Do more to level playing field as disruption opens skills gap

Two suggestions: higher subsidies for public transport and government-backed internships to be given out based on merit, not connections.

Equal opportunity and social mobility are things that our Government has strived to promote since Singapore's founding. I found it interesting, therefore, that in Prime Minister Lee Hsien Loong's National Day Rally speech on Sunday, he singled out disruption from globalisation and technological progress as the "defining" economic challenge of our generation.

In his speech, he acknowledged how segments of society (e.g. taxi drivers and retail staff) have had their livelihoods threatened by new technology and alluded to the need for the Government to help incumbents adapt while levelling the playing field for everyone.

I would argue that disruption has not just widened the income or wealth gap, it has also skewed the odds in favour of the privileged and highly educated at the expense of the blue-collar worker, thereby creating a "skills gap" which many struggle to bridge. In a world where game-changing competition can materialise in an instant (thanks to free trade or a new smartphone app, for example), those who have spent their whole lives in a particular profession may find their livelihoods diminished or having disappeared overnight. It is fanciful to think that the only thing preventing an out-of-work factory assistant from retraining to be an in-demand software engineer is hard work and determination. This is not to say we ought to resist change in a Luddite fashion. But we should nonetheless be cognisant of the fact that economic progress is not positive for everyone, or even the majority, in society.

Recent government initiatives such as SkillsFuture and KidStart - effectively subsidising education for those who need or want it, from pre-schoolers to retirees - are a step in the right direction, but more can be done to help shrink the opportunity gap. We could start with something even more basic than education.

Public transport, for example, is a necessary expenditure for the almost 60 per cent of households without a car. The adults need to get to work and the kids need to get to school, and walking or cycling are rarely feasible options. While the Government already subsidises transportation costs and invests billions in infrastructure, I think policymakers could consider gradually increasing subsidies further so that the real, inflation-adjusted costs to commuters fall over time, to the point where they might eventually become free (or practically free). Such a move may be considered by some to be radical. However, I think there is a strong moral and economic case for it.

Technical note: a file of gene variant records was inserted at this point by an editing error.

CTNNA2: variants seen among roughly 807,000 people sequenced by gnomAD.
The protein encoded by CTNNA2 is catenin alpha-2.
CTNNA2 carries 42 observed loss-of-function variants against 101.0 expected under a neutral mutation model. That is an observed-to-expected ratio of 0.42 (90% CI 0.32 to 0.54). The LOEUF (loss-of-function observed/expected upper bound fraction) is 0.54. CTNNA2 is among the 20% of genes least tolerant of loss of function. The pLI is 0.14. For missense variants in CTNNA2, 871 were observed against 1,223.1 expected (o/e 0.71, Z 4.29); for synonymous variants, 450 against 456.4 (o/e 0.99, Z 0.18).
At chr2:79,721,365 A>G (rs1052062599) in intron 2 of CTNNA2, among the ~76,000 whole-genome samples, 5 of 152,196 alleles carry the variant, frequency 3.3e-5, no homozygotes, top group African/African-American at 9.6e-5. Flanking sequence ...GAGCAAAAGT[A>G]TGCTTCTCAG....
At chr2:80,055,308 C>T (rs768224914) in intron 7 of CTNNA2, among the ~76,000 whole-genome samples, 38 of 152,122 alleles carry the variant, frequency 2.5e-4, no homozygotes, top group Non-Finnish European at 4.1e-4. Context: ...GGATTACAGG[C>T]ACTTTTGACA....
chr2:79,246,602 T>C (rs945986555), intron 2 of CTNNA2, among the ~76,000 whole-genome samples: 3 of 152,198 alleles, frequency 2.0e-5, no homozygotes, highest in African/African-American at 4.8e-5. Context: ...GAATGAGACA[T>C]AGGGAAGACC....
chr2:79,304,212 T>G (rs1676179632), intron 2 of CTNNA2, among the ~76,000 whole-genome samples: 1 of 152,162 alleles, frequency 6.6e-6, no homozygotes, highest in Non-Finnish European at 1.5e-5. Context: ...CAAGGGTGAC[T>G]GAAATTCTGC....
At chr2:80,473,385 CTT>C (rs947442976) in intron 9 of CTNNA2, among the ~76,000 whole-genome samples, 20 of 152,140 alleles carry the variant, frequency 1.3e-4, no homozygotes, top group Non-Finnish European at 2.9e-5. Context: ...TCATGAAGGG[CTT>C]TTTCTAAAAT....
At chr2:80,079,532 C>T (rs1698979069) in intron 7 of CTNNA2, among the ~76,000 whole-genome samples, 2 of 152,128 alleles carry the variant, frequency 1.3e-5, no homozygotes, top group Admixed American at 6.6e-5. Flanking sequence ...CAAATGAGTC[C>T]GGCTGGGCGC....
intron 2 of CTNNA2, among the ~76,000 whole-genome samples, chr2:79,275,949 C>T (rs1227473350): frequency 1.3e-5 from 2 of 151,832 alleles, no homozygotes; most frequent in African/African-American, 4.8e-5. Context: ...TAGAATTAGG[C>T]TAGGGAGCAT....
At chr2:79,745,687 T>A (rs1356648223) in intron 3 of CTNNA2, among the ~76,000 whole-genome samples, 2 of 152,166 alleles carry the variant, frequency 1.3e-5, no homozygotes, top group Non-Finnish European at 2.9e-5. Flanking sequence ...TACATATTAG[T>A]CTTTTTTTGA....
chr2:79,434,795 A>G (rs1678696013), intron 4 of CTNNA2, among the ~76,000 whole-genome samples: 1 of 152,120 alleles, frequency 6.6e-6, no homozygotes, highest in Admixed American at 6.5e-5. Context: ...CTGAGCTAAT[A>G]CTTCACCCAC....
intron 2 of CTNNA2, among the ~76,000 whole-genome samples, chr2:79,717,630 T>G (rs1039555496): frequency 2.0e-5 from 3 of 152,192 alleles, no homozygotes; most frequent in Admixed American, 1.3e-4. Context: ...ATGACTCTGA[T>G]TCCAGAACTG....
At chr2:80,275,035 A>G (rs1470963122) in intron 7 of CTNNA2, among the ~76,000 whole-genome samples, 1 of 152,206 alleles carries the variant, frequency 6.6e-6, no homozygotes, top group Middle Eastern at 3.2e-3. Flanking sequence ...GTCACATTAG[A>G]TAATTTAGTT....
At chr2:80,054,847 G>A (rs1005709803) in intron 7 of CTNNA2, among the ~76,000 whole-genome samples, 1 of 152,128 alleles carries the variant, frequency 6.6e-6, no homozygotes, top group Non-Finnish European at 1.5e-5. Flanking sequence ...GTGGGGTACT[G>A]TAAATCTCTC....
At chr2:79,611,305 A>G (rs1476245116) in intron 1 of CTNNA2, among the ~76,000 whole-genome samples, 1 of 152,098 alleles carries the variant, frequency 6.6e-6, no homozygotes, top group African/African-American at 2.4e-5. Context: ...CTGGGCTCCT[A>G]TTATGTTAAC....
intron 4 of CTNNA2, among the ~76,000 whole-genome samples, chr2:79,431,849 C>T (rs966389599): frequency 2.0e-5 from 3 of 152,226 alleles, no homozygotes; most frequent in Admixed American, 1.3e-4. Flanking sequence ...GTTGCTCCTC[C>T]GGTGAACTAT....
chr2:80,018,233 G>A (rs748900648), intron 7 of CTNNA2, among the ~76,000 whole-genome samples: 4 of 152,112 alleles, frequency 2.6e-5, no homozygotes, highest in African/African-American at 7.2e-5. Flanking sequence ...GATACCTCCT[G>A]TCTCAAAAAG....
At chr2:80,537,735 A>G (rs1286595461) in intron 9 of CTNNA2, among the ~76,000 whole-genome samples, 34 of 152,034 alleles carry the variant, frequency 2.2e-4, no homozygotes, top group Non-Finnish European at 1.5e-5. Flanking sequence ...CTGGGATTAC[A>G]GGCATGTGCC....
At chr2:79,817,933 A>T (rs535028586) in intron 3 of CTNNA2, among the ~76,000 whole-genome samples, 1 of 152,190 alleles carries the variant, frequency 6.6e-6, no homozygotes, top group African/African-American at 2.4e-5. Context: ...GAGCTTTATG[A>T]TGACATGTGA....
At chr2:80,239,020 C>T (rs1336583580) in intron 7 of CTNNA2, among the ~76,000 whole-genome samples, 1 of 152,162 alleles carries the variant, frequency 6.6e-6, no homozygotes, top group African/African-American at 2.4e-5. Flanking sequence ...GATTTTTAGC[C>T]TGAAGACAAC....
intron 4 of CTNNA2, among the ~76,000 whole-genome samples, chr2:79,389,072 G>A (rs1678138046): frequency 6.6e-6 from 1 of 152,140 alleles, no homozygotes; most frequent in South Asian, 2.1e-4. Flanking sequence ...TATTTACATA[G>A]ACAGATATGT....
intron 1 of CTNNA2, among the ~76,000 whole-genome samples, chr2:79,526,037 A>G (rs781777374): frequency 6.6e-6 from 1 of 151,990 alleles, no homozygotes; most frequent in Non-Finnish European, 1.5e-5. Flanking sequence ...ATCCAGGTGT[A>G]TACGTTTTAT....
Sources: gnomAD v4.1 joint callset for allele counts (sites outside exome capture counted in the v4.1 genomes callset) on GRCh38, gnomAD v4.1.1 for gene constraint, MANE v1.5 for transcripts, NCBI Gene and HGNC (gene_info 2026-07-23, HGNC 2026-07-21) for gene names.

Lowering public transport costs would not only make schools and offices more accessible for ordinary Singaporeans, but it would also help them save money, thus boosting disposable incomes, consumption and the overall economy. It would also be good for the environment as more people are weaned off owning cars. ST PHOTO: LIM YAOHUI

I would argue that if we want to promote the virtues of education and employment, we should increase accessibility to both - figuratively (by creating more opportunities for learning and work) and literally (by making it cheaper and easier to get to and from schools or offices). Furthermore, as public transportation is a non- discretionary, non-transferable service (as opposed to a luxury good like a gold necklace, which could be resold for cash), it is unlikely to be abused or overconsumed if made free. Given the essential nature of transportation, and the prohibitively high cost of owning a car in Singapore, one can see how ordinary citizens may come to view public transport fares effectively as an unavoidable tax on the masses. Thus, I would suggest that further subsidies would not only be environmentally friendly, by giving people greater incentives to use public transport, they would also act like a tax cut for the general public, boosting disposable incomes, consumption and the overall economy.

Hope and ambition have helped transform Singapore from a colonial backwater to an Asian business hub in 50 years. If we are to survive the next 50 years, it will be crucial to preserve that optimism and drive in our future generations as well, with small tweaks and gestures to make an unfair world a little fairer.

Another idea I would champion, in our effort to create an environment of equal opportunity for our young, is to establish a government-backed scheme to offer merit-based internships to post-secondary students (i.e. those in junior colleges, polytechnics, etc).